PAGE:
The Negro Artist and making space for black voices in Iowa

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Speaking with spoken word artist Caleb “The Negro Artist” Rainey — Jason Smith/Little Village

Caleb Rainey, aka the Negro Artist, came to Iowa City to earn an English major at the University of Iowa. He was drawn to the UNESCO City of Literature because of its renowned standing as a writing town. Hailing from Columbia, Missouri, Rainey was one of only 57 black men, in his undergraduate class of over 4,000 first-year students, who were not part of a Hawkeye sports team.

“I was really excited to come to Iowa City because of the writing community,” he said. Rainey got his start writing in high school but had never been to a reading before attending Iowa.

When he tried to join the local literary milieu, though, Rainey found there was little room for young black artists.

“Everyone loves writing here. Everyone appreciates it, but it seemed very niche. There seemed like a type of writing that was appreciated here and it became really hard to feel like I fit there,” he said.

So he organized, became an event producer, and built the community he did not find. He created space for black voices.

The Negro Artist and making space for black voices in Iowa

Spoken-word artist Caleb Rainey talks about how he turned his loneliness into a connection with the community and how that helped empower him as a writer.“Not all of my pieces are going to say things explicitly about blackness. But I’m talking about love and my experiences with love so they’re going to be about black love, because I’m a black man … Langston Hughes changed my whole view of what it meant to be an artist.”Full story:

Posted by Little Village Mag on Thursday, December 6, 2018

“It’s made me grow in a way of being way more community-oriented than I thought I was going to be,” Rainey said, “It’s changed my writing and changed how I spend my time, where my energy goes. I spend as much time writing now as I do organizing or producing events and making sure other people get to share their stories.”

In 2015, he founded a literary magazine with a friend, Shawn Boursiquot. Together, they established Black Art; Real Stories as a way to share and amplify and uplift black voices on campus and “create and support a black arts community.” The first issue dropped in 2015. Both graduated with English degrees in 2017.

Rainey curates and emcees a monthly event, Drop the Mic, the Iowa City incarnation of a series started in Cedar Rapids by storytelling org The Hook, which brings two featured writers, a musical act and opportunities for open mic performers together.

Schedule for Black Art; Real Stories. — Jason Smith

He later took on his controversial stage name and gives full credit to the 1926 Langston Hughes essay titled “The Negro Artist and the Racial Mountain.”

“Not all of my pieces are going to say things explicitly about blackness. But I’m talking about love and my experiences with love so they’re going to be about black love, because I’m a black man … Langston Hughes changed my whole view of what it meant to be an artist,” Rainey said.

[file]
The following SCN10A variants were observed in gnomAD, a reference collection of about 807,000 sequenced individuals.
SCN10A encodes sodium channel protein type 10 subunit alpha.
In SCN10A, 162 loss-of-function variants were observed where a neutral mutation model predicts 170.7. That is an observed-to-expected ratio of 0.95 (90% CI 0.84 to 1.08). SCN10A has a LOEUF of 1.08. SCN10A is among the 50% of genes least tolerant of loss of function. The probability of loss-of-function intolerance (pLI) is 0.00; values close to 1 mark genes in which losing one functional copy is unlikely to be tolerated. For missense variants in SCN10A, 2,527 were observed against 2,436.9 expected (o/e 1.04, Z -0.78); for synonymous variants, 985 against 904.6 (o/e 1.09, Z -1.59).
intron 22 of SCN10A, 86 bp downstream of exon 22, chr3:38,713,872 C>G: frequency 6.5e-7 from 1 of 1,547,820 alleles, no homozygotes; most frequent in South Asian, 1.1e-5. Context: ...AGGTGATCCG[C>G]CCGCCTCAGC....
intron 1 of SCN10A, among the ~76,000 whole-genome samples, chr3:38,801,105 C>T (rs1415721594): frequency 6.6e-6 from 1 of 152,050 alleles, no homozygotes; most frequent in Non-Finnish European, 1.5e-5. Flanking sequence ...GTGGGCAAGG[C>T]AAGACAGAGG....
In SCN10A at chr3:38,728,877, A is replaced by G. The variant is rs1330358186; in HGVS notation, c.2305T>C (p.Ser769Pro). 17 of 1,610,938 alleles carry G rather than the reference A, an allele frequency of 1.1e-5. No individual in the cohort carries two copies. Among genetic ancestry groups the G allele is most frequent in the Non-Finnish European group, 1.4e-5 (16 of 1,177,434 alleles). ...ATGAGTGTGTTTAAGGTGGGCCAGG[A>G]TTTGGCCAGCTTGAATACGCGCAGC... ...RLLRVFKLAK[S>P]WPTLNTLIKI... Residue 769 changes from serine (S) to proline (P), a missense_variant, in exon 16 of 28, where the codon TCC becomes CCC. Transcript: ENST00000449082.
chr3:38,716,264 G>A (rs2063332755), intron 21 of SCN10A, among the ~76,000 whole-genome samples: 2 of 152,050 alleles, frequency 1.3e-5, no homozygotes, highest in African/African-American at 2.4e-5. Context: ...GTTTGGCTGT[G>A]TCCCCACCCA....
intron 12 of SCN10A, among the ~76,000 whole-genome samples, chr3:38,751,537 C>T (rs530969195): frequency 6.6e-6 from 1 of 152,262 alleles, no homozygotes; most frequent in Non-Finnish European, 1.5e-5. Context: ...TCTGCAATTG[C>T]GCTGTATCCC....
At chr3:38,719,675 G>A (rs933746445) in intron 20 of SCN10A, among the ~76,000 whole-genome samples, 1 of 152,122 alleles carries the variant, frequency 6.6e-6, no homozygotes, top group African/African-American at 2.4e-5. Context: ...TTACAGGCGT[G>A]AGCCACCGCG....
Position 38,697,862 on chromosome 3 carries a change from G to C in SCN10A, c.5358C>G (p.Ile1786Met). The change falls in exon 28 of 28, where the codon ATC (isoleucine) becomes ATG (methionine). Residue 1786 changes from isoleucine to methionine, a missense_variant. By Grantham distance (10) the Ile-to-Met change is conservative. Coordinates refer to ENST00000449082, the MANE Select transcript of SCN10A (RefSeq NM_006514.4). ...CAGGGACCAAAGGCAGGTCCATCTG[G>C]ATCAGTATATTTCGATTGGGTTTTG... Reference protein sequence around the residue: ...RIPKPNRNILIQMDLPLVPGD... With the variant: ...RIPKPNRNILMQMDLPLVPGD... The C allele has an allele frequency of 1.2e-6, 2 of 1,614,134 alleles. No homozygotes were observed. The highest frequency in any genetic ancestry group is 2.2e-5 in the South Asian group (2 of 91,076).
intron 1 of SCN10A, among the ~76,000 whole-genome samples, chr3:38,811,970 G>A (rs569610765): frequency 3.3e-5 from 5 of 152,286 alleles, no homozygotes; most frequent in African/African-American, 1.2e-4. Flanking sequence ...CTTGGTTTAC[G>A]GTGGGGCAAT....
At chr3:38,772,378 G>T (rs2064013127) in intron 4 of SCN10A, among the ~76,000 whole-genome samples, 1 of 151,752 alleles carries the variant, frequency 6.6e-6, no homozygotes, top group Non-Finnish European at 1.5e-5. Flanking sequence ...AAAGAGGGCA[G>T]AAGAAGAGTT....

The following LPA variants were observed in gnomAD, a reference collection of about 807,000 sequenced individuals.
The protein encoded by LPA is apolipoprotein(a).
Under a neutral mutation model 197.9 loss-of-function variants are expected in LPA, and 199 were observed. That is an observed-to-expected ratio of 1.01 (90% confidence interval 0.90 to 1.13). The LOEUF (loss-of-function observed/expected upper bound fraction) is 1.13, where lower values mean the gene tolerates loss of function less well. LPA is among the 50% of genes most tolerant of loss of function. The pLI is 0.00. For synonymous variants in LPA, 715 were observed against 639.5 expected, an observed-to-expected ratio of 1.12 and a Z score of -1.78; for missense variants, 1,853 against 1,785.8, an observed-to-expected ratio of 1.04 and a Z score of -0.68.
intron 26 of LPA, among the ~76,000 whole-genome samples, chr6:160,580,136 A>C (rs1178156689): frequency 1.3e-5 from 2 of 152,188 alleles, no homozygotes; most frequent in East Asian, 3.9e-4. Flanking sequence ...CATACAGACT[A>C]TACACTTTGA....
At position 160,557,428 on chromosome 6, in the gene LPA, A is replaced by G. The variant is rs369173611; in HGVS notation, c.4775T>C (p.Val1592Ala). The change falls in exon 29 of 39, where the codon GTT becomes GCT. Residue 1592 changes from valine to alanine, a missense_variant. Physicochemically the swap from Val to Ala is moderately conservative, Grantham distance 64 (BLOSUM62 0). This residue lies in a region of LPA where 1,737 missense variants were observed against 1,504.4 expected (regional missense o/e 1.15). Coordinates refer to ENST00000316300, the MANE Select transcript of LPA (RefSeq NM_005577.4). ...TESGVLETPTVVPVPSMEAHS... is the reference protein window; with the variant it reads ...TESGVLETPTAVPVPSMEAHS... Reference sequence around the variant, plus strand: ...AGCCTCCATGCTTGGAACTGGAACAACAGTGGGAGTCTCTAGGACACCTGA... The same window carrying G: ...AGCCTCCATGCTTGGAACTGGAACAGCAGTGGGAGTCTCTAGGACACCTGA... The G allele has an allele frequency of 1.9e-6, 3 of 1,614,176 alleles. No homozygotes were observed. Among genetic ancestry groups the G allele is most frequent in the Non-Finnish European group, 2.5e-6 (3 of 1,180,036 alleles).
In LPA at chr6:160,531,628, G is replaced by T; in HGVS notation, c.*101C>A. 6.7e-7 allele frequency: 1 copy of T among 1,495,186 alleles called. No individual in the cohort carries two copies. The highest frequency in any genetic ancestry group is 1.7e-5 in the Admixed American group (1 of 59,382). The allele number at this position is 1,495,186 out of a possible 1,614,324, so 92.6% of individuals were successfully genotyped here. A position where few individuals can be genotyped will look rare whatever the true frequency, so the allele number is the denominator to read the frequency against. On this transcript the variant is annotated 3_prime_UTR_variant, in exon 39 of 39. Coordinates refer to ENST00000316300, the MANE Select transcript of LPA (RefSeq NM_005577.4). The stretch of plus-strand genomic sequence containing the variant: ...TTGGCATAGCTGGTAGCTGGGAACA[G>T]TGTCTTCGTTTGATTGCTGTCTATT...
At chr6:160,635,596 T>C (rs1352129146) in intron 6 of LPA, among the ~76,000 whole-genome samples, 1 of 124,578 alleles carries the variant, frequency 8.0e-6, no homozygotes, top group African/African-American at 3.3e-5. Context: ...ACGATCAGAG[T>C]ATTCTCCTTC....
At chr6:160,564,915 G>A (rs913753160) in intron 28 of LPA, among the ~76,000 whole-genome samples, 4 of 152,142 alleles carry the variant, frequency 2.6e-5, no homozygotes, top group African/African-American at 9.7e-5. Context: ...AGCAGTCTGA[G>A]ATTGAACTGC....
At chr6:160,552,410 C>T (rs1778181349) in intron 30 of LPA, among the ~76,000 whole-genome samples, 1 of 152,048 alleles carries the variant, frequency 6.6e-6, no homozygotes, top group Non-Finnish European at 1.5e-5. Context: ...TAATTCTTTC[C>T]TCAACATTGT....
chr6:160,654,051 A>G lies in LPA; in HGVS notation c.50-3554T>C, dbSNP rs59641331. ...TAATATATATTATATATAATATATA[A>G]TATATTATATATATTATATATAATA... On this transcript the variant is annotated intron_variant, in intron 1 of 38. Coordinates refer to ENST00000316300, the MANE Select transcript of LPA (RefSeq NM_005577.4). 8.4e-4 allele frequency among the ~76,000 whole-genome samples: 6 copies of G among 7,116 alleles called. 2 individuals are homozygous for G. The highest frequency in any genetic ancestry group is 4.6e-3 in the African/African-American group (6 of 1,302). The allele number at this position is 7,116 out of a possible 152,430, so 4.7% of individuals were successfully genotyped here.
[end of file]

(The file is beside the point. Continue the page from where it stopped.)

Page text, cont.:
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In the essay, Hughes wrote that the urge towards whiteness and becoming white is a “mountain standing in the way of any true Negro art in America.” Hughes acknowledged that the mountain is rocky and the peak is high: “The Negro artist works against an undertow of sharp criticism and misunderstanding from his own group and unintentional bribes from the whites.”

Racial division cuts black artists like Rainey today just as it did 100 years ago.

So how does his artist name affect blacks versus whites?

“Even in the black community there’s a little bit of an anti-blackness … It gets tricky because those are my people, and they’re a little upset with me sometimes. But I get it,” he said, “No one really says ‘negro’ anymore. But it also harks back to this time in which ‘negro’ was the phrase we were using versus ‘colored’… As a white person, you have to all of a sudden come to terms with that. You have to decide what that means and what you’re going to say and how comfortable you’re going to be with the fact that I’m black.”

Caleb “The Negro Artist” Rainey performing at Sanctuary during a Black Art; Real Stories event — Jason Smith

How would he advise white people who are reluctant to talk about race?

Most white people, Rainey said, live in a white bubble.

“It’s your job to know you’re in a bubble and work your way out of it … because I can’t afford to go a day without thinking about [race],” he said.

He recently won the Des Moines Poetry Slam and the Iowa City Poetry Slam and is a two-time winner of the Fire and Ice Poetry Slam. Rainey has also performed onstage in New York City at the Nuyorican Poets Cafe for their All That Hip Hop, Poetry, & Jazz event.

Working with the Iowa Youth Writing Project, he has helped launch spoken word clubs at West High and Liberty High. Both school clubs began this year, and Rainey leads students in generative workshops to develop poetic style and practice performing.

You can follow Rainey on Facebook, check his blog, or listen to some of his other performances on his YouTube channel.

Rainey listens to an artist on stage during Black Art; Real Stories — Jason Smith

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